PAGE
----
Tap into the local culture, with moderation

Rum history remains strongly linked to the Mauritian culture. As for the local Séga at the time of Ti Frère or Serge Lebrasse, Rum has often been regarded as the drink of the poor. Man has always fermented drinks. Arrack was the first fermented drink introduced in 1639 when sugar cane was introduced in Mauritius. It all started by a Dutch settler, Jan Harmansz, who lived in Flacq, brewed latanier sap. When the French settled in Mauritius, Mahé de Labourdonnais established at Villebague, a sugar refinery and a distillery. Later on, around 1858, in the people’s backyard, “Tilambics were produced. Fermented drinks, considered as poor quality rum, were prohibited during the 20th century. This prompted the production of the rum produced from molasses authorised by the government. The Mauritian rum made a reputation of its own locally and overseas. Many distilleries and factories on the Island proposed all types of the agricultural blend of rum for local consumption and for export.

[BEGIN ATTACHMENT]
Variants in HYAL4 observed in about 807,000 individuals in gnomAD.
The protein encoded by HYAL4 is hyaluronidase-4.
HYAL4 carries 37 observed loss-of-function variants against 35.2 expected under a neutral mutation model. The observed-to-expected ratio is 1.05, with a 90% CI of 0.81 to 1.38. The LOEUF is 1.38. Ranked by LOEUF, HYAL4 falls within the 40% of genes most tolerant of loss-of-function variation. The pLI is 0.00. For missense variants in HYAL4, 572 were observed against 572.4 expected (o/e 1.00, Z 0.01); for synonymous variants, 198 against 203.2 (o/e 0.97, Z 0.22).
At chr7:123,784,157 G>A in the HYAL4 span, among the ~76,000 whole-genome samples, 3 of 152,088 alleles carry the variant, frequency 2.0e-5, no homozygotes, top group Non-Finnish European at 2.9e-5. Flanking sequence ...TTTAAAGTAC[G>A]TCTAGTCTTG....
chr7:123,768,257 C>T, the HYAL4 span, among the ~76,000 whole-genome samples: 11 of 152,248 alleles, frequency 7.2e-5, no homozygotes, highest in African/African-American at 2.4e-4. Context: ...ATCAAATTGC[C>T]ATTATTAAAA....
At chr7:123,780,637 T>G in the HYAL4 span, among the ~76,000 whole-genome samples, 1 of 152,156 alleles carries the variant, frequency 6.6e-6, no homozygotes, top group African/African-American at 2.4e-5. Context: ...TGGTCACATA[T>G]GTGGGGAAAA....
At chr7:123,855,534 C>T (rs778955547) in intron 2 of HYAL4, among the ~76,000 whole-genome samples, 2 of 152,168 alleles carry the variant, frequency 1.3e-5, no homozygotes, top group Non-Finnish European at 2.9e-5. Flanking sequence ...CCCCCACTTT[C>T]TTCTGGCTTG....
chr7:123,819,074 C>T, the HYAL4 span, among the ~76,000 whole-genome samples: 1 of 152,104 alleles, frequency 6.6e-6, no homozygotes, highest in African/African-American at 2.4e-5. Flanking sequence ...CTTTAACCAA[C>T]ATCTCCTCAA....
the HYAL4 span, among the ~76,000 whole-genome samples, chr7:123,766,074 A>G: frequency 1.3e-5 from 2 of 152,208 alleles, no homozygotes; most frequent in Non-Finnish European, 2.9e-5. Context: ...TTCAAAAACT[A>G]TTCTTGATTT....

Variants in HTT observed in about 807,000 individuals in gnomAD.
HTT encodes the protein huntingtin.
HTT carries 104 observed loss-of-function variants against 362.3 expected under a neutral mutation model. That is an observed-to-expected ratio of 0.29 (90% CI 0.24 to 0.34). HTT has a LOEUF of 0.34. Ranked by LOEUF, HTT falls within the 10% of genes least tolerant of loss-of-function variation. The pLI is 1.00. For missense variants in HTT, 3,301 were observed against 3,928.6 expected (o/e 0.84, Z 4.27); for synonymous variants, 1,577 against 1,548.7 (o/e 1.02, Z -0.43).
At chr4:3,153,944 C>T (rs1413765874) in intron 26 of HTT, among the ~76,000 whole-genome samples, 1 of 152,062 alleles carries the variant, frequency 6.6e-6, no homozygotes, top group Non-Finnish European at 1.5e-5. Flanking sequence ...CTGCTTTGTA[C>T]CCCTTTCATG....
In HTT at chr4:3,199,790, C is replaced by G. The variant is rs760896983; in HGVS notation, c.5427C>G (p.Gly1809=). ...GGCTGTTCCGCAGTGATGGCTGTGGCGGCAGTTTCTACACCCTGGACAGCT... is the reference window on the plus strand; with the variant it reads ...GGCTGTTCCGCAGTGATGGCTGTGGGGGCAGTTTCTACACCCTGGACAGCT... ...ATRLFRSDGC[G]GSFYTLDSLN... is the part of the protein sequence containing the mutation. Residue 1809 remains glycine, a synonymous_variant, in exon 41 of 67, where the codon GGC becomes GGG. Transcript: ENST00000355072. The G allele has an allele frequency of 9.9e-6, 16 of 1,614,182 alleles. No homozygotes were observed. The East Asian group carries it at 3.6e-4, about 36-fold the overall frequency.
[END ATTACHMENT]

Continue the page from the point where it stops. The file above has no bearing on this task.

Rum is more than just a drink it is a culture with its traditions. Mauritian rum has a distinct character. It is a strong alcohol whose excessive consumption is dangerous for health. Rum is within everyone's reach. There are a wide variety of rums on the market. It can be tasted plain or mixed, arranged, or as a cocktail. Mauritian love their rum and coke and many will accompany it with their favourite gajack the “Licorne”. We highly recommend that you pay a visit to the St Aubin factory situated in the south to visit the distillery and have an excellent insight into the making of both an artisanal and a traditional rum. Saint Aubin has brilliantly taken up the challenge of innovation and has managed to reconcile tradition, the human dimension and environmental protection during the production of authentic agricultural rums appreciated by connoisseurs and amateurs alike.


Christian Lefèvre